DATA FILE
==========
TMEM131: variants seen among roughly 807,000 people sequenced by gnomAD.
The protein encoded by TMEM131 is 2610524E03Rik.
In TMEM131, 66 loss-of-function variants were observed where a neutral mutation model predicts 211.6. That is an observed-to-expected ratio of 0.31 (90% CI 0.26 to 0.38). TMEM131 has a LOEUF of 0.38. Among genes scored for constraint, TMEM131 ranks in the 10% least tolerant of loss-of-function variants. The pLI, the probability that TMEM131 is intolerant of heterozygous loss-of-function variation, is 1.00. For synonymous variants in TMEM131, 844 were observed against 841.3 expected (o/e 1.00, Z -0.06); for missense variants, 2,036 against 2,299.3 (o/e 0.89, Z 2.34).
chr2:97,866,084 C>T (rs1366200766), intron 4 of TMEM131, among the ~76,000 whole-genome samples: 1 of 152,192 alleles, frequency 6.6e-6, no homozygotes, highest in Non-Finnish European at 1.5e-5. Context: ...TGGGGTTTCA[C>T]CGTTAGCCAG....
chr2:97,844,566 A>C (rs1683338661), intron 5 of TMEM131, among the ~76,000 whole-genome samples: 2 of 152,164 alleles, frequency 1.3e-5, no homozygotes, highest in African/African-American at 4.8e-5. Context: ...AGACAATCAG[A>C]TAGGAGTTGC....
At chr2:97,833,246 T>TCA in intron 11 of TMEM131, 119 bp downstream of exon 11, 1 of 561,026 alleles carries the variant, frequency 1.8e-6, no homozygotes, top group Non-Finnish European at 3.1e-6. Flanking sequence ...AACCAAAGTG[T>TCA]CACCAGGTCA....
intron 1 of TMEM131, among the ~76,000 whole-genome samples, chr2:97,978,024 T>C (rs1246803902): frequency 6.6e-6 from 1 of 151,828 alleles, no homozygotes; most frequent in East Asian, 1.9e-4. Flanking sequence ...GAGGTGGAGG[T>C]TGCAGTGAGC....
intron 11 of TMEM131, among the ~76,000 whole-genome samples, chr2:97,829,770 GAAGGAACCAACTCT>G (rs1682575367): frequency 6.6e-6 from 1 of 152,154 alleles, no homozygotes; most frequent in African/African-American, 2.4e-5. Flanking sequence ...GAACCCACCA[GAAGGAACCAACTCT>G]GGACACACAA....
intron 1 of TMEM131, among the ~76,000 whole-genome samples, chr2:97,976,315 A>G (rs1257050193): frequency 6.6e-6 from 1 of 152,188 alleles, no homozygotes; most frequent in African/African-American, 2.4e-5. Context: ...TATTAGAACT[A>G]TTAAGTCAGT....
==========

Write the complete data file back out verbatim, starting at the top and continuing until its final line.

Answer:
TMEM131: variants seen among roughly 807,000 people sequenced by gnomAD.
The protein encoded by TMEM131 is 2610524E03Rik.
In TMEM131, 66 loss-of-function variants were observed where a neutral mutation model predicts 211.6. That is an observed-to-expected ratio of 0.31 (90% CI 0.26 to 0.38). TMEM131 has a LOEUF of 0.38. Among genes scored for constraint, TMEM131 ranks in the 10% least tolerant of loss-of-function variants. The pLI, the probability that TMEM131 is intolerant of heterozygous loss-of-function variation, is 1.00. For synonymous variants in TMEM131, 844 were observed against 841.3 expected (o/e 1.00, Z -0.06); for missense variants, 2,036 against 2,299.3 (o/e 0.89, Z 2.34).
chr2:97,866,084 C>T (rs1366200766), intron 4 of TMEM131, among the ~76,000 whole-genome samples: 1 of 152,192 alleles, frequency 6.6e-6, no homozygotes, highest in Non-Finnish European at 1.5e-5. Context: ...TGGGGTTTCA[C>T]CGTTAGCCAG....
chr2:97,844,566 A>C (rs1683338661), intron 5 of TMEM131, among the ~76,000 whole-genome samples: 2 of 152,164 alleles, frequency 1.3e-5, no homozygotes, highest in African/African-American at 4.8e-5. Context: ...AGACAATCAG[A>C]TAGGAGTTGC....
At chr2:97,833,246 T>TCA in intron 11 of TMEM131, 119 bp downstream of exon 11, 1 of 561,026 alleles carries the variant, frequency 1.8e-6, no homozygotes, top group Non-Finnish European at 3.1e-6. Flanking sequence ...AACCAAAGTG[T>TCA]CACCAGGTCA....
intron 1 of TMEM131, among the ~76,000 whole-genome samples, chr2:97,978,024 T>C (rs1246803902): frequency 6.6e-6 from 1 of 151,828 alleles, no homozygotes; most frequent in East Asian, 1.9e-4. Flanking sequence ...GAGGTGGAGG[T>C]TGCAGTGAGC....
intron 11 of TMEM131, among the ~76,000 whole-genome samples, chr2:97,829,770 GAAGGAACCAACTCT>G (rs1682575367): frequency 6.6e-6 from 1 of 152,154 alleles, no homozygotes; most frequent in African/African-American, 2.4e-5. Flanking sequence ...GAACCCACCA[GAAGGAACCAACTCT>G]GGACACACAA....
intron 1 of TMEM131, among the ~76,000 whole-genome samples, chr2:97,976,315 A>G (rs1257050193): frequency 6.6e-6 from 1 of 152,188 alleles, no homozygotes; most frequent in African/African-American, 2.4e-5. Context: ...TATTAGAACT[A>G]TTAAGTCAGT....